Why Running Gets You High — And How To Get Yours.
Runner’s high is one of the things that drives some people to exercise – a neurobiological sense of euphoria that occurs during and after distance running — triggering the release of brain chemicals called endocannabinoids (eCBs) (which, by the way, work in the same way as the active ingredient of marijuana), and providing an improved sense of well-being, reduced anxiety, post-exercise calm, and even reduced pain in many folks.
But from a “hard-science” perspective, what causes this “high” — and does it exist beyond the purely psychological?
Enter Dr. David Raichlen, of the University of Arizona, who wanted to measure eCB levels in two cursorial (read here: specialized for running) species (humans and dogs), and one non-cursorial species (hello, ferrets).
Details of the study, published in The Journal of Experimental Biology, can be found here, but the bottom line? Humans and dogs experience runner’s high; ferrets have no such feelings.
Dr. Raichlen argues that it makes sense for ferrets, since such exercise is not crucial to sneaking down burrows and killing rabbits in their sleep (aww…). For ancient humans, however, remaining fit enough to run after game and away from predators and enemies was vital for survival. Ditto for mammals like horses, wolves… and dogs.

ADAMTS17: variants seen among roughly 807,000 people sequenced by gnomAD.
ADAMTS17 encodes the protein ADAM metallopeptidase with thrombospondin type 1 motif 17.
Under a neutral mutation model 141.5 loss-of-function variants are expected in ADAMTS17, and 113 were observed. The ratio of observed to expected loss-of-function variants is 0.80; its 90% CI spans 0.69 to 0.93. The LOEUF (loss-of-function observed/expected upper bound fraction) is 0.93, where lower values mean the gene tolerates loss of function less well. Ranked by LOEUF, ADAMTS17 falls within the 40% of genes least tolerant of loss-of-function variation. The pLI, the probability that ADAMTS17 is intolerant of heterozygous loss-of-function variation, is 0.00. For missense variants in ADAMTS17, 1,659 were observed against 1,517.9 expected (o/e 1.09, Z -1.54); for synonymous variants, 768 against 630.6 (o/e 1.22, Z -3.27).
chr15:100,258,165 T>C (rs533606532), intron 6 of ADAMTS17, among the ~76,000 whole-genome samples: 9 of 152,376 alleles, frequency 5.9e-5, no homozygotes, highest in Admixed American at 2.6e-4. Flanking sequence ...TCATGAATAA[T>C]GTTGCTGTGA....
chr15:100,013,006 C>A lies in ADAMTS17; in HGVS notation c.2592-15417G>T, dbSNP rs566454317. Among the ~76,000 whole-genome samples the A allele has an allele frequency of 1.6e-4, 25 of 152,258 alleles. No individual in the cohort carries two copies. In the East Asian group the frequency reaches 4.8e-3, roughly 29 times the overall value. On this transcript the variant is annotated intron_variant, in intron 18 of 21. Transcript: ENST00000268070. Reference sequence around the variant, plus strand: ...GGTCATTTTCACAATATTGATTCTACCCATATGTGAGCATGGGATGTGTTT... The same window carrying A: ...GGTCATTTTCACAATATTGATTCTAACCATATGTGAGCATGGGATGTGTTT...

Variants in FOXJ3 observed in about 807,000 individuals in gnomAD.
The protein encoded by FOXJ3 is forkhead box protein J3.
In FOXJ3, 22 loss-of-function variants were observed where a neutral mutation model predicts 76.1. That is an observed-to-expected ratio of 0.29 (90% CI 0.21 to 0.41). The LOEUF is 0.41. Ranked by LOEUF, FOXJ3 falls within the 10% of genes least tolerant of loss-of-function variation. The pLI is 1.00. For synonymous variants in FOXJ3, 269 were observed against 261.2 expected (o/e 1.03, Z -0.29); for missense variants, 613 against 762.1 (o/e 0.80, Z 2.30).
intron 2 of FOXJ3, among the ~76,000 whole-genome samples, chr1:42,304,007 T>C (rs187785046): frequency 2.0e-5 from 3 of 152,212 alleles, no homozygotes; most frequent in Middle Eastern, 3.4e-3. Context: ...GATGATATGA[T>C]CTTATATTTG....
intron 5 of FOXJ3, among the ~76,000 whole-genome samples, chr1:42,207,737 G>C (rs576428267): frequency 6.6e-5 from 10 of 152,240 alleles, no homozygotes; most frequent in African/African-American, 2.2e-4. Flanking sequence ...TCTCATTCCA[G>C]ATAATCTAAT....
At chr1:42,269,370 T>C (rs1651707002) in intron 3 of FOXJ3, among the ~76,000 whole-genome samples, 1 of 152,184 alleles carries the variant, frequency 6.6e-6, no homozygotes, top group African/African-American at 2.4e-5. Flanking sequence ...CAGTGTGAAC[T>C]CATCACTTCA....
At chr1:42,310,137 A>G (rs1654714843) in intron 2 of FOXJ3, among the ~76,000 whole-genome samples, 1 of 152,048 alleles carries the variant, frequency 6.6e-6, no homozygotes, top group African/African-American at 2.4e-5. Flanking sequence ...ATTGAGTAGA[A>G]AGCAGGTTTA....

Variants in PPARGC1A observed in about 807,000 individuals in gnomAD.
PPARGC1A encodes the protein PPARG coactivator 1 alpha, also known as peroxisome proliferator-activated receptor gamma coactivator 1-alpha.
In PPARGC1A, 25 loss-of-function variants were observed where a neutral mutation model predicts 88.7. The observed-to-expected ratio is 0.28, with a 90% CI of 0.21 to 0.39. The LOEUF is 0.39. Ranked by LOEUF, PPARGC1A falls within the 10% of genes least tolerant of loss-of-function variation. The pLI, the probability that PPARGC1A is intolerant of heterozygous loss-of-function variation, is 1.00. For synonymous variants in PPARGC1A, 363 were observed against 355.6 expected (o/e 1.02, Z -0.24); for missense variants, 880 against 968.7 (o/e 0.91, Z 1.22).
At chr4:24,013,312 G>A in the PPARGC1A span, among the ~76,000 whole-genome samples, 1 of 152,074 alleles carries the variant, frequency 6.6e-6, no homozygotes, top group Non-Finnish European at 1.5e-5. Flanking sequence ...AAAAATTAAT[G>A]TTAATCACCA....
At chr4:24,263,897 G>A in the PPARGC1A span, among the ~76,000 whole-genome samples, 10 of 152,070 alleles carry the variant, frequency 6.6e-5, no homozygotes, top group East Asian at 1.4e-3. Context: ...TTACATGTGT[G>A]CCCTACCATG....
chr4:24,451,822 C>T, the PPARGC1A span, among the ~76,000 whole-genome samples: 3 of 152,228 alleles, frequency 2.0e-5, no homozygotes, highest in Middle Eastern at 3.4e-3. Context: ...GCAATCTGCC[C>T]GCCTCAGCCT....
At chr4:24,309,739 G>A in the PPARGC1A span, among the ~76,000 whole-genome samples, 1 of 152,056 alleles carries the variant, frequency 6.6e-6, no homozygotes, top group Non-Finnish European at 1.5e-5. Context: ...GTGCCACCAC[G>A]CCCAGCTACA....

In other words: Baby, we were born to run.
Raichen and his colleagues have gone as far as to suggest that this evidence could be the start of a solution to America’s obesity crisis and help us end our sedentary ways; that exercise can literally be viewed as a drug to not only get you high, but improve your mental health and a host of other human ailments.
But before you start trying to run around the neighborhood to the tune of 26.2 miles — get in shape. Work up properly. Work out smart. And put your good health in the hands of an ACSM-certified Definitions trainer.
It starts with a free consultation… and ends in… bliss.